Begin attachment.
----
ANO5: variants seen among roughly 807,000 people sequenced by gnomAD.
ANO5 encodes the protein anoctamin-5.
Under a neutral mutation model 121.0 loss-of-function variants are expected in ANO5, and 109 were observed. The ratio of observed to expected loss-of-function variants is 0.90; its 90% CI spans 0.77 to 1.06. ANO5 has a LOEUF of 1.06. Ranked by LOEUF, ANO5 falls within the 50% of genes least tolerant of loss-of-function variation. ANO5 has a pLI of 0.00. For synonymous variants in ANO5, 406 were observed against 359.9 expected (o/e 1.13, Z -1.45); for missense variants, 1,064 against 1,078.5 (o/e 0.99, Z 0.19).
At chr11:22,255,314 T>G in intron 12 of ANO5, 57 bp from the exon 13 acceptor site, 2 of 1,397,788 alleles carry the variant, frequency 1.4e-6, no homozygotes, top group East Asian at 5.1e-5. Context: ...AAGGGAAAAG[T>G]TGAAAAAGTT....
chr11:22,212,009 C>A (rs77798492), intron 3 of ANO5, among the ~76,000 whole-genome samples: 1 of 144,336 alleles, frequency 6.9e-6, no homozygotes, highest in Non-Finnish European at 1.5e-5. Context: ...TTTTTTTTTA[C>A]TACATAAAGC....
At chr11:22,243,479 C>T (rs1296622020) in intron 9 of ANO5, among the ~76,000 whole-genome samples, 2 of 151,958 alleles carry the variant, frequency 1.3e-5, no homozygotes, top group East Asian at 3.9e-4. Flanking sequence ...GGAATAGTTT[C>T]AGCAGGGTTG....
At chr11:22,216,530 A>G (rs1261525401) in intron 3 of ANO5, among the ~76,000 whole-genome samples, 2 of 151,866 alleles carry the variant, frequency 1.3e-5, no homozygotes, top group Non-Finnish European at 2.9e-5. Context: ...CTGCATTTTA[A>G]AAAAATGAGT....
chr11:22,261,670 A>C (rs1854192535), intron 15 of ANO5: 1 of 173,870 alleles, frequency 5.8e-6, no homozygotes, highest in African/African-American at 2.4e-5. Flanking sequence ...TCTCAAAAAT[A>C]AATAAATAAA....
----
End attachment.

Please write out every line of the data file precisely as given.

ANO5: variants seen among roughly 807,000 people sequenced by gnomAD.
ANO5 encodes the protein anoctamin-5.
Under a neutral mutation model 121.0 loss-of-function variants are expected in ANO5, and 109 were observed. The ratio of observed to expected loss-of-function variants is 0.90; its 90% CI spans 0.77 to 1.06. ANO5 has a LOEUF of 1.06. Ranked by LOEUF, ANO5 falls within the 50% of genes least tolerant of loss-of-function variation. ANO5 has a pLI of 0.00. For synonymous variants in ANO5, 406 were observed against 359.9 expected (o/e 1.13, Z -1.45); for missense variants, 1,064 against 1,078.5 (o/e 0.99, Z 0.19).
At chr11:22,255,314 T>G in intron 12 of ANO5, 57 bp from the exon 13 acceptor site, 2 of 1,397,788 alleles carry the variant, frequency 1.4e-6, no homozygotes, top group East Asian at 5.1e-5. Context: ...AAGGGAAAAG[T>G]TGAAAAAGTT....
chr11:22,212,009 C>A (rs77798492), intron 3 of ANO5, among the ~76,000 whole-genome samples: 1 of 144,336 alleles, frequency 6.9e-6, no homozygotes, highest in Non-Finnish European at 1.5e-5. Context: ...TTTTTTTTTA[C>A]TACATAAAGC....
At chr11:22,243,479 C>T (rs1296622020) in intron 9 of ANO5, among the ~76,000 whole-genome samples, 2 of 151,958 alleles carry the variant, frequency 1.3e-5, no homozygotes, top group East Asian at 3.9e-4. Flanking sequence ...GGAATAGTTT[C>T]AGCAGGGTTG....
At chr11:22,216,530 A>G (rs1261525401) in intron 3 of ANO5, among the ~76,000 whole-genome samples, 2 of 151,866 alleles carry the variant, frequency 1.3e-5, no homozygotes, top group Non-Finnish European at 2.9e-5. Context: ...CTGCATTTTA[A>G]AAAAATGAGT....
chr11:22,261,670 A>C (rs1854192535), intron 15 of ANO5: 1 of 173,870 alleles, frequency 5.8e-6, no homozygotes, highest in African/African-American at 2.4e-5. Flanking sequence ...TCTCAAAAAT[A>C]AATAAATAAA....